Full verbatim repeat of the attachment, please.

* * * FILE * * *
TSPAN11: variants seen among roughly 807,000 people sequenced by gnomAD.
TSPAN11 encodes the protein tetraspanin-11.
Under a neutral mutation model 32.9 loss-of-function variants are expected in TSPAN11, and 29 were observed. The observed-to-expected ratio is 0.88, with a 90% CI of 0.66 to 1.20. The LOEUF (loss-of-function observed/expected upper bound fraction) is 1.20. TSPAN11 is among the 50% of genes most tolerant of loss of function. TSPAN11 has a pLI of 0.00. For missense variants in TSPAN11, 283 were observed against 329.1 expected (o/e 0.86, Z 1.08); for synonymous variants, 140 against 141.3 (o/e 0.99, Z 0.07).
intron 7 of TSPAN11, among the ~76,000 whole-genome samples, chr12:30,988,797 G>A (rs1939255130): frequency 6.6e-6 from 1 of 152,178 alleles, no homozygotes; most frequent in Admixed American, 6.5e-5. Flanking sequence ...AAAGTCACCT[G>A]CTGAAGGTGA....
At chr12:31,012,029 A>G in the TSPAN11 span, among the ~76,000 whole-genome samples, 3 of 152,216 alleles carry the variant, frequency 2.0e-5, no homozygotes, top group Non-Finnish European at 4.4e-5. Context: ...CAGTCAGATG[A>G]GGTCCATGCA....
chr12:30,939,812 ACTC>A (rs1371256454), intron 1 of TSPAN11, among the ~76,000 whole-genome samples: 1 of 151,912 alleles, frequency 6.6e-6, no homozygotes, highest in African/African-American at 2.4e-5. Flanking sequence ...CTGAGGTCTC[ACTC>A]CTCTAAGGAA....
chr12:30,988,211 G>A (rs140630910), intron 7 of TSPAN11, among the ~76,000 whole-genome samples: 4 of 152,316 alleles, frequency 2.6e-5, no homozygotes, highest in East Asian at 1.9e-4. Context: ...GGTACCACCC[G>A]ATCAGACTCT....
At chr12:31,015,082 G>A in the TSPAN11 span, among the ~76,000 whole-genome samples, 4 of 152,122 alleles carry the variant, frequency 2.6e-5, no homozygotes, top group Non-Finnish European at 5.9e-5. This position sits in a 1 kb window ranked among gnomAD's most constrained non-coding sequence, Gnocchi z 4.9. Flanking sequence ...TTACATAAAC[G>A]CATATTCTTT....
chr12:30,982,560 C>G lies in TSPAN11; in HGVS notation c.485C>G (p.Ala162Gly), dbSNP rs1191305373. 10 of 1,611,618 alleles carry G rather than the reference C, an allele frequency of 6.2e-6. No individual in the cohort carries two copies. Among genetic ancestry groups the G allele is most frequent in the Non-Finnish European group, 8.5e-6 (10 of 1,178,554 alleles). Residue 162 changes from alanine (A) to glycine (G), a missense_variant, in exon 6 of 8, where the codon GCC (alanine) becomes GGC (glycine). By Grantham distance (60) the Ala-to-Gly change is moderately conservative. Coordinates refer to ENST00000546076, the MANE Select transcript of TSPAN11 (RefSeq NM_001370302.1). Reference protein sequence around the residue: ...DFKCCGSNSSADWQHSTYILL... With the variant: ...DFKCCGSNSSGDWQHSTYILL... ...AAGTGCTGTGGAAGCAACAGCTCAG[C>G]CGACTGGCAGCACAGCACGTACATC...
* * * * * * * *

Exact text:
TSPAN11: variants seen among roughly 807,000 people sequenced by gnomAD.
TSPAN11 encodes the protein tetraspanin-11.
Under a neutral mutation model 32.9 loss-of-function variants are expected in TSPAN11, and 29 were observed. The observed-to-expected ratio is 0.88, with a 90% CI of 0.66 to 1.20. The LOEUF (loss-of-function observed/expected upper bound fraction) is 1.20. TSPAN11 is among the 50% of genes most tolerant of loss of function. TSPAN11 has a pLI of 0.00. For missense variants in TSPAN11, 283 were observed against 329.1 expected (o/e 0.86, Z 1.08); for synonymous variants, 140 against 141.3 (o/e 0.99, Z 0.07).
intron 7 of TSPAN11, among the ~76,000 whole-genome samples, chr12:30,988,797 G>A (rs1939255130): frequency 6.6e-6 from 1 of 152,178 alleles, no homozygotes; most frequent in Admixed American, 6.5e-5. Flanking sequence ...AAAGTCACCT[G>A]CTGAAGGTGA....
At chr12:31,012,029 A>G in the TSPAN11 span, among the ~76,000 whole-genome samples, 3 of 152,216 alleles carry the variant, frequency 2.0e-5, no homozygotes, top group Non-Finnish European at 4.4e-5. Context: ...CAGTCAGATG[A>G]GGTCCATGCA....
chr12:30,939,812 ACTC>A (rs1371256454), intron 1 of TSPAN11, among the ~76,000 whole-genome samples: 1 of 151,912 alleles, frequency 6.6e-6, no homozygotes, highest in African/African-American at 2.4e-5. Flanking sequence ...CTGAGGTCTC[ACTC>A]CTCTAAGGAA....
chr12:30,988,211 G>A (rs140630910), intron 7 of TSPAN11, among the ~76,000 whole-genome samples: 4 of 152,316 alleles, frequency 2.6e-5, no homozygotes, highest in East Asian at 1.9e-4. Context: ...GGTACCACCC[G>A]ATCAGACTCT....
At chr12:31,015,082 G>A in the TSPAN11 span, among the ~76,000 whole-genome samples, 4 of 152,122 alleles carry the variant, frequency 2.6e-5, no homozygotes, top group Non-Finnish European at 5.9e-5. This position sits in a 1 kb window ranked among gnomAD's most constrained non-coding sequence, Gnocchi z 4.9. Flanking sequence ...TTACATAAAC[G>A]CATATTCTTT....
chr12:30,982,560 C>G lies in TSPAN11; in HGVS notation c.485C>G (p.Ala162Gly), dbSNP rs1191305373. 10 of 1,611,618 alleles carry G rather than the reference C, an allele frequency of 6.2e-6. No individual in the cohort carries two copies. Among genetic ancestry groups the G allele is most frequent in the Non-Finnish European group, 8.5e-6 (10 of 1,178,554 alleles). Residue 162 changes from alanine (A) to glycine (G), a missense_variant, in exon 6 of 8, where the codon GCC (alanine) becomes GGC (glycine). By Grantham distance (60) the Ala-to-Gly change is moderately conservative. Coordinates refer to ENST00000546076, the MANE Select transcript of TSPAN11 (RefSeq NM_001370302.1). Reference protein sequence around the residue: ...DFKCCGSNSSADWQHSTYILL... With the variant: ...DFKCCGSNSSGDWQHSTYILL... ...AAGTGCTGTGGAAGCAACAGCTCAG[C>G]CGACTGGCAGCACAGCACGTACATC...